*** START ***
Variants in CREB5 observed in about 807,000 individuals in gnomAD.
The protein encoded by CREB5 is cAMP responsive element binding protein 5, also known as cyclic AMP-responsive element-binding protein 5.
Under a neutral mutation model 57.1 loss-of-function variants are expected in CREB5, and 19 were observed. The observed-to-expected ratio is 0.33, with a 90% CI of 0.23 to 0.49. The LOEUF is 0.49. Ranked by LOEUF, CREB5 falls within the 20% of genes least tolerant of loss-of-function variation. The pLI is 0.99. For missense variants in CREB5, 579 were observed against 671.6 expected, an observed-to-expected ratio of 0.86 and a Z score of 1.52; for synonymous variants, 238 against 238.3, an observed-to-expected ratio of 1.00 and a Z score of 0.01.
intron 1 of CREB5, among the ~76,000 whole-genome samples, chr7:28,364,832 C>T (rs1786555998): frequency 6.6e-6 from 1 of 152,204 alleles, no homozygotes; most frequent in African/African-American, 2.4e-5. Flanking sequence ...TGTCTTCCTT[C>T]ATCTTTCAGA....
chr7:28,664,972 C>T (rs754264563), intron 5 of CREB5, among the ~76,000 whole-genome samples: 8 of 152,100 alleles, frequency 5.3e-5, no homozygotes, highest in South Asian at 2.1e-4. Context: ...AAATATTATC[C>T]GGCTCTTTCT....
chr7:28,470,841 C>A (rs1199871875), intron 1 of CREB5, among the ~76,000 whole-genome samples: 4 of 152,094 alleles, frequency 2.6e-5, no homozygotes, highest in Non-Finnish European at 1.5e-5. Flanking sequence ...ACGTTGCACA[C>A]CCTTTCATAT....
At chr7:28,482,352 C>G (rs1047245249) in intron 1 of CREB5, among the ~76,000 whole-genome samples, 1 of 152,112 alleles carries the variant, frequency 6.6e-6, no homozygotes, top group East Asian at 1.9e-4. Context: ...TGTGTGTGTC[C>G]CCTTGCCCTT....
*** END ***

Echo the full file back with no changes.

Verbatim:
Variants in CREB5 observed in about 807,000 individuals in gnomAD.
The protein encoded by CREB5 is cAMP responsive element binding protein 5, also known as cyclic AMP-responsive element-binding protein 5.
Under a neutral mutation model 57.1 loss-of-function variants are expected in CREB5, and 19 were observed. The observed-to-expected ratio is 0.33, with a 90% CI of 0.23 to 0.49. The LOEUF is 0.49. Ranked by LOEUF, CREB5 falls within the 20% of genes least tolerant of loss-of-function variation. The pLI is 0.99. For missense variants in CREB5, 579 were observed against 671.6 expected, an observed-to-expected ratio of 0.86 and a Z score of 1.52; for synonymous variants, 238 against 238.3, an observed-to-expected ratio of 1.00 and a Z score of 0.01.
intron 1 of CREB5, among the ~76,000 whole-genome samples, chr7:28,364,832 C>T (rs1786555998): frequency 6.6e-6 from 1 of 152,204 alleles, no homozygotes; most frequent in African/African-American, 2.4e-5. Flanking sequence ...TGTCTTCCTT[C>T]ATCTTTCAGA....
chr7:28,664,972 C>T (rs754264563), intron 5 of CREB5, among the ~76,000 whole-genome samples: 8 of 152,100 alleles, frequency 5.3e-5, no homozygotes, highest in South Asian at 2.1e-4. Context: ...AAATATTATC[C>T]GGCTCTTTCT....
chr7:28,470,841 C>A (rs1199871875), intron 1 of CREB5, among the ~76,000 whole-genome samples: 4 of 152,094 alleles, frequency 2.6e-5, no homozygotes, highest in Non-Finnish European at 1.5e-5. Flanking sequence ...ACGTTGCACA[C>A]CCTTTCATAT....
At chr7:28,482,352 C>G (rs1047245249) in intron 1 of CREB5, among the ~76,000 whole-genome samples, 1 of 152,112 alleles carries the variant, frequency 6.6e-6, no homozygotes, top group East Asian at 1.9e-4. Context: ...TGTGTGTGTC[C>G]CCTTGCCCTT....